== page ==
I watched Steve Jobs’ iPhone 4.0 presentation. He’s at risk of becoming a caricature of himself. Every feature is described with superlatives, as if a plumber lifted the back of the commode, delineated the inner-workings and pronounced them not only revolutionary, but emotionally satisfying, decreeing that users would truly love the operation of the toilet. Except for a few jokes when he put up fake ads to demonstrate iAd, Jobs was so serious as to establish a divide between himself and his audience. And this is death in the Internet age, if you’re not willing to come down off your pedestal and ingratiate yourself with the hoi polloi, you’re at risk of ridicule.
But that does not mean the content of Steve’s presentation was worthless. Watch how they integrate multitasking into the iPhone. It truly transcends any previous implementation. Makes so much sense, is so simple, that only Apple could come up with it. Which begs the question why the iPad is such a better e-reading device than the Kindle. We can argue backlit or not, but usability is far superior on the iPad, controls are intuitive and progress is put forth in pages, unlike the mystifying percentages on the Kindle. Just like the iPod killed the Rio and other MP3 players, the iPad has triumphed over all e-readers overnight. Maybe the lesson is that Amazon should not have ventured out of its area of expertise, not gone into hardware, which requires software to run, but isn’t he who’s first supposed to triumph in tech? Guess not. And now that’s what’s happening in mobile.
Palm is on its last legs. It may never be sold, or be auctioned off for peanuts, like BeOS or the other game-changers of yore that never managed to get into the fast lane and died. Windows Mobile is losing momentum. RIM does e-mail incredibly well in an era where users demand much more than that. And the iPhone, although not first in the market, is triumphing.
In the keynote, Jobs flashed a graphic showing mobile browser usage. iPhone had 64%, Android 19%, BlackBerry 9% and others 8%. This is staggering. Or, should I ask, do you know anyone who surfs the Web regularly on their BlackBerry? I own one. Navigation is difficult. I go to the usual sites, unless I’m looking up statistics or other raw facts. Browsing is unintuitive and difficult. But on an iPhone, although you might be hindered by AT&T’s network, it’s similar to the desktop and easy. And he who owns online browsing wins?
Sure looks this way.
In today’s "New York Times", Gene Munster of Piper Jaffray, the most accurate Apple follower lays out astonishing facts:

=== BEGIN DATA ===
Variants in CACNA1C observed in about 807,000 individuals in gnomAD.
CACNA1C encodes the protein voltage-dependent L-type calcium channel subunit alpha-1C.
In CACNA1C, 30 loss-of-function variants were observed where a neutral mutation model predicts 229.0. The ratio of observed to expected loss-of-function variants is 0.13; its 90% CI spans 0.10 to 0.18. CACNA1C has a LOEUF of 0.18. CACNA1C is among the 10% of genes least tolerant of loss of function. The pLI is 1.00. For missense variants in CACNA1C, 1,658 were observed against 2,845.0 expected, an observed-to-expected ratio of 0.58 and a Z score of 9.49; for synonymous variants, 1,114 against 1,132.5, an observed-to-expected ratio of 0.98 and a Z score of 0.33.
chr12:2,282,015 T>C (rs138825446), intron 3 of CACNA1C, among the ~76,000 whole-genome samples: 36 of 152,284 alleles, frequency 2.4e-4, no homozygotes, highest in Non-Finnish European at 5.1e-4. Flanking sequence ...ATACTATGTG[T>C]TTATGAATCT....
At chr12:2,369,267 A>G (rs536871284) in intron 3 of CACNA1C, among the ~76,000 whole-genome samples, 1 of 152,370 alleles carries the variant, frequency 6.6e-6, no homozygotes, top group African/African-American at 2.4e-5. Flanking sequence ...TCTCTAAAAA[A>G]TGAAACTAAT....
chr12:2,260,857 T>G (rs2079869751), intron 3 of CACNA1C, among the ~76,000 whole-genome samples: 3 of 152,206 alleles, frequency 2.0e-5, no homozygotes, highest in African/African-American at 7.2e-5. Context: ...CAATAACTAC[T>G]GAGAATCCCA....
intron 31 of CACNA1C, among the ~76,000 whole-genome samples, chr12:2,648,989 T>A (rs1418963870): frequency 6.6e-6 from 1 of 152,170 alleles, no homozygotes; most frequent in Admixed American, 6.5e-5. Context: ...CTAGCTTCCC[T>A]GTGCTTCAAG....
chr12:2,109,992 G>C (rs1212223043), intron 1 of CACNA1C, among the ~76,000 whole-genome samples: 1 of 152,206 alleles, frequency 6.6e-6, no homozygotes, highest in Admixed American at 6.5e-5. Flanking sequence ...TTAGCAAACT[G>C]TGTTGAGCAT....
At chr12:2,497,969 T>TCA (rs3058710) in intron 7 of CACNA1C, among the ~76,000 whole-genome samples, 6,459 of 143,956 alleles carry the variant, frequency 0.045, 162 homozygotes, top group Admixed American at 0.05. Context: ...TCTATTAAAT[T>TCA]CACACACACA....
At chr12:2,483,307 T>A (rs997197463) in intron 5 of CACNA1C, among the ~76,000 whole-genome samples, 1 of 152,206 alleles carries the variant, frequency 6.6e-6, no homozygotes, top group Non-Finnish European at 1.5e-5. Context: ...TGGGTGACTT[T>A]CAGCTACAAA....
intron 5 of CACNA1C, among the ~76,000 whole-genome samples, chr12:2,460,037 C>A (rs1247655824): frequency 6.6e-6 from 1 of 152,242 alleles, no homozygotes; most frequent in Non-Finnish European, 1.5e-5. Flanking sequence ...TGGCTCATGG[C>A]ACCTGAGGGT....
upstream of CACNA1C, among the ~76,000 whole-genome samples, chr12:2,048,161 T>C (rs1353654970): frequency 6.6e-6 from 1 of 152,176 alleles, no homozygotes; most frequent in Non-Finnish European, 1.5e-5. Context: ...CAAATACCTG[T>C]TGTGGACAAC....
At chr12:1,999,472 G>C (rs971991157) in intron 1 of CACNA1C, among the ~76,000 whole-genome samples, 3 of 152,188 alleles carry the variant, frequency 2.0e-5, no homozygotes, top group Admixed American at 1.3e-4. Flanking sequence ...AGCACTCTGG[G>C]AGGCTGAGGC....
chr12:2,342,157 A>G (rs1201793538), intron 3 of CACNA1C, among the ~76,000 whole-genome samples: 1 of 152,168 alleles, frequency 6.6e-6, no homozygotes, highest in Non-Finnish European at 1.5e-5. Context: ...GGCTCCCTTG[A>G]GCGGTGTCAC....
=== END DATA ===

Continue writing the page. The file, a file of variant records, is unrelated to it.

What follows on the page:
"By the end of 2011, Mr. Munster said, nearly 50 percent of Apple’s total revenue will come from sales of the iPhone and iPod Touch. In 2001, 80 percent of Apple’s revenue was from its line of Mac laptops and desktop computers. That figure will slip to about 27 percent in 2011, he said."
In other words, just like laptops killed desktops, mobile is about to kill laptops. Not completely, but significantly. Apple’s positioning itself for the future. It’s battling on fronts the hoi polloi cannot comprehend. Not only is there iAd, which posits that search will be done through apps, a market Apple dominates, but there’s the evisceration of Flash and Apple’s restrictions on developers, detailing what software can be used to write for the iPhone.
In other words, Apple has got its eyes on the future and is remodeling its entire business accordingly, doing its best to maintain the company’s momentum while fending off challenges from competitors that are yet to develop.
Contrast this with a music business where the usual suspects are still trying to get the public to buy CDs. Universal trumpets ten dollar retail on physical product while iTunes sales flatten and there’s no reasonable mobile strategy. If anybody’s winning in mobile music, it’s Tim Westergren and Pandora, whose growth rate almost doubled overnight with the launch of the company’s iPhone app, they’re adding 30,000 new listeners a day. Good for music, even better for Pandora.
But what about music on demand on mobile handsets? You’d think rights holders would be driving utilization on mobile platforms. Spotify’s not free on the iPhone. Why not authorize that right away? And there’s a Rhapsody app and MOG’s got one in development and this is where customers are going to go if the rights holders help them.
The worst case scenario is sideloading. Letting people transfer their collections to their handsets by synching with their computers. Now is the time for people to see the desirability of having the entire history of music at their fingertips, and getting them to pay for it. We don’t want people streaming what they already own via the cloud on their handsets, we want everybody with a subscription, paying a little for a lot.
But this would require forward thinking. This would require a change of focus from today to tomorrow. Tomorrow is coming. And right now, it looks like all the excitement is in non-music apps. Mobile is the future, especially in developing countries, now’s the time to create a winning strategy, one that gets all music to everybody for a low price.